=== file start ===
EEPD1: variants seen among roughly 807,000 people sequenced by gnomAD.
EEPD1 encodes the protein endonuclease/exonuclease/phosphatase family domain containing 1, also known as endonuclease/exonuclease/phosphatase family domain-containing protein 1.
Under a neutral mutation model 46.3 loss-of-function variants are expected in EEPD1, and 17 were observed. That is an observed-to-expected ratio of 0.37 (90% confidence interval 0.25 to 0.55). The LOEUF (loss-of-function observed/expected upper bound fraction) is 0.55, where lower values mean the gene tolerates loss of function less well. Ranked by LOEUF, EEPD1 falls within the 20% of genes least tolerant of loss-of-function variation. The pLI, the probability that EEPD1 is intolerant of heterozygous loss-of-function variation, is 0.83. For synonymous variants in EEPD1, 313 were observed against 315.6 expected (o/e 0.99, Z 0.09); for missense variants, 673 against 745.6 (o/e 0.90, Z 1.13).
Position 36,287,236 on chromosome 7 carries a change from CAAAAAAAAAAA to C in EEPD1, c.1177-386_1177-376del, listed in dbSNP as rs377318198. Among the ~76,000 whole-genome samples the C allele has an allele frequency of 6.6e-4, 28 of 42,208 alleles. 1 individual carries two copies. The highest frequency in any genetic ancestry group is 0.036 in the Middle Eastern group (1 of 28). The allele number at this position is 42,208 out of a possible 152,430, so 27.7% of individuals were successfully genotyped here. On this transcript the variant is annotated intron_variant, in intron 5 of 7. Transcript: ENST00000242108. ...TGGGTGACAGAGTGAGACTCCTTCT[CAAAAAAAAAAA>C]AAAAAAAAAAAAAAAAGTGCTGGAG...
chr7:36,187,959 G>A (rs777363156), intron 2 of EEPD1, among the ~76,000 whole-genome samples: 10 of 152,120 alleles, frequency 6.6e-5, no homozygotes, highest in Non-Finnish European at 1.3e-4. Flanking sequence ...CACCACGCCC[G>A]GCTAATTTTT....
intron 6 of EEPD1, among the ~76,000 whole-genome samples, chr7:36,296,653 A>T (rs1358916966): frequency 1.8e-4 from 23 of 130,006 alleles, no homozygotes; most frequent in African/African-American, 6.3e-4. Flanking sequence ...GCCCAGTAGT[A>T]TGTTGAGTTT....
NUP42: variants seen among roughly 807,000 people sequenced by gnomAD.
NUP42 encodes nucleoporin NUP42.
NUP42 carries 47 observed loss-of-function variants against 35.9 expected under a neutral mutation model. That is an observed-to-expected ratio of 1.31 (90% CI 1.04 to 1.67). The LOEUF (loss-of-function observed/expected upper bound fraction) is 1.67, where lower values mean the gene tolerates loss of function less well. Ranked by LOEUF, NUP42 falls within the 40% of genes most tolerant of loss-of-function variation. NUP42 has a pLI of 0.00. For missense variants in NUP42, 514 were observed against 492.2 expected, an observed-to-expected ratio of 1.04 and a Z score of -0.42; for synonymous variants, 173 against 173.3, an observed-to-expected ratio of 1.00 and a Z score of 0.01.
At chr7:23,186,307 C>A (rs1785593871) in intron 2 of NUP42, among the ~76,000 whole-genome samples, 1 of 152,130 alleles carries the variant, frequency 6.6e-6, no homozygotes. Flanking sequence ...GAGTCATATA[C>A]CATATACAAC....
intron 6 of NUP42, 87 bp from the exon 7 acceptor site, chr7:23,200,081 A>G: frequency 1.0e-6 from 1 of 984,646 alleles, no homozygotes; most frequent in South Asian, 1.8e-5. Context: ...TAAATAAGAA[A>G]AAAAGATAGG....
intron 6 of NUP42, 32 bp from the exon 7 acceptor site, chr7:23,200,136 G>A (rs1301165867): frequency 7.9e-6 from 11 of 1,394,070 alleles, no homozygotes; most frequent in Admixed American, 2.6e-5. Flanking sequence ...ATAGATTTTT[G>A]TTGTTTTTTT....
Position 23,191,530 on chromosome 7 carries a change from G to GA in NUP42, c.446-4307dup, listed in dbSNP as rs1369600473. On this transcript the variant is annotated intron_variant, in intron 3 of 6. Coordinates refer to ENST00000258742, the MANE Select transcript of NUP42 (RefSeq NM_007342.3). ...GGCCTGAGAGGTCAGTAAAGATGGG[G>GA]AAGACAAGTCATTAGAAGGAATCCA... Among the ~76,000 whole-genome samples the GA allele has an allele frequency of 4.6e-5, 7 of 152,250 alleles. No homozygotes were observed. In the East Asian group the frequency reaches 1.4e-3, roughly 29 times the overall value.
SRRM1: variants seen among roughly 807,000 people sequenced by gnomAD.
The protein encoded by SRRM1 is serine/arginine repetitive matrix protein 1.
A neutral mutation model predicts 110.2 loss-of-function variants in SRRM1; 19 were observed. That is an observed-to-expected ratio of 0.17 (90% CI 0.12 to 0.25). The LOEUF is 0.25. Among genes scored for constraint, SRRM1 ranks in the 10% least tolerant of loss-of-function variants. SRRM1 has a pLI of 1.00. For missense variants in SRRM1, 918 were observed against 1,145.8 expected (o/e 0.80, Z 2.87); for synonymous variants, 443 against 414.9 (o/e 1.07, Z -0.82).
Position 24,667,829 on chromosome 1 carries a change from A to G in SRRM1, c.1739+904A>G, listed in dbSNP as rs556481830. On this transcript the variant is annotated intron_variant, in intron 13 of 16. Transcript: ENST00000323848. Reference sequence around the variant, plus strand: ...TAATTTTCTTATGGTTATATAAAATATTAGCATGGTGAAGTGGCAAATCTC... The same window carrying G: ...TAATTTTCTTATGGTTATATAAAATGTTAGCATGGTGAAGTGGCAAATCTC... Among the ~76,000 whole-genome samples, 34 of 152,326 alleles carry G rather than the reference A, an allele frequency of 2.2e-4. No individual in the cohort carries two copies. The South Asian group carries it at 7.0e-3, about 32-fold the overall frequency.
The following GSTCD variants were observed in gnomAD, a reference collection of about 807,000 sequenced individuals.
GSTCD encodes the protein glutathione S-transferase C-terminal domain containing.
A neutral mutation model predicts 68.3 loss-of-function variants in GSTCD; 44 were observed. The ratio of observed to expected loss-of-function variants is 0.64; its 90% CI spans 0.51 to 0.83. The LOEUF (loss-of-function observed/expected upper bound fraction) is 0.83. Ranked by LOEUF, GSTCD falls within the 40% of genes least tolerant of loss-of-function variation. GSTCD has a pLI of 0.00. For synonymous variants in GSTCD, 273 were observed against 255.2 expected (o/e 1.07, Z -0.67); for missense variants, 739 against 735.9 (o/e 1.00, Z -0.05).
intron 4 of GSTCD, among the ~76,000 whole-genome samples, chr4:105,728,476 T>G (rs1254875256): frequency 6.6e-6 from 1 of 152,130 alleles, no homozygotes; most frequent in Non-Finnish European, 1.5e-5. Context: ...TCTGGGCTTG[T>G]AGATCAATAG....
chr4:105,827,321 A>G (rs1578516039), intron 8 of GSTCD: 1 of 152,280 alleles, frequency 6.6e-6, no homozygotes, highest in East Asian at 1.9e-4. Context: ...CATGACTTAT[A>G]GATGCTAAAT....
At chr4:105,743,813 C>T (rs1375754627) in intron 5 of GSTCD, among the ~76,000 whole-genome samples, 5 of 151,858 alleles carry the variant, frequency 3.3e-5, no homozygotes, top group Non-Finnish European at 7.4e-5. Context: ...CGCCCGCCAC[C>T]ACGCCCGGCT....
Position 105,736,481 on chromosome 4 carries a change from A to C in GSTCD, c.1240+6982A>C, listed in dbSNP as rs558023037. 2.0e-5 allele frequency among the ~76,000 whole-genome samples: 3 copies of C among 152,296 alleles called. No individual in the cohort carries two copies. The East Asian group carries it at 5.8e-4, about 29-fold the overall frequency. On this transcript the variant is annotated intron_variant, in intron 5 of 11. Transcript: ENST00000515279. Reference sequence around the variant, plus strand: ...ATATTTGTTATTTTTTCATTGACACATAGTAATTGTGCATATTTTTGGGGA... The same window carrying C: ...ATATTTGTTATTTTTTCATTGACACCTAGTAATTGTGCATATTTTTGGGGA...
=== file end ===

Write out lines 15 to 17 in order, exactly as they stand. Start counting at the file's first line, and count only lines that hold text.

The protein encoded by SRRM1 is serine/arginine repetitive matrix protein 1.
A neutral mutation model predicts 110.2 loss-of-function variants in SRRM1; 19 were observed. That is an observed-to-expected ratio of 0.17 (90% CI 0.12 to 0.25). The LOEUF is 0.25. Among genes scored for constraint, SRRM1 ranks in the 10% least tolerant of loss-of-function variants. SRRM1 has a pLI of 1.00. For missense variants in SRRM1, 918 were observed against 1,145.8 expected (o/e 0.80, Z 2.87); for synonymous variants, 443 against 414.9 (o/e 1.07, Z -0.82).
Position 24,667,829 on chromosome 1 carries a change from A to G in SRRM1, c.1739+904A>G, listed in dbSNP as rs556481830. On this transcript the variant is annotated intron_variant, in intron 13 of 16. Transcript: ENST00000323848. Reference sequence around the variant, plus strand: ...TAATTTTCTTATGGTTATATAAAATATTAGCATGGTGAAGTGGCAAATCTC... The same window carrying G: ...TAATTTTCTTATGGTTATATAAAATGTTAGCATGGTGAAGTGGCAAATCTC... Among the ~76,000 whole-genome samples, 34 of 152,326 alleles carry G rather than the reference A, an allele frequency of 2.2e-4. No individual in the cohort carries two copies. The South Asian group carries it at 7.0e-3, about 32-fold the overall frequency.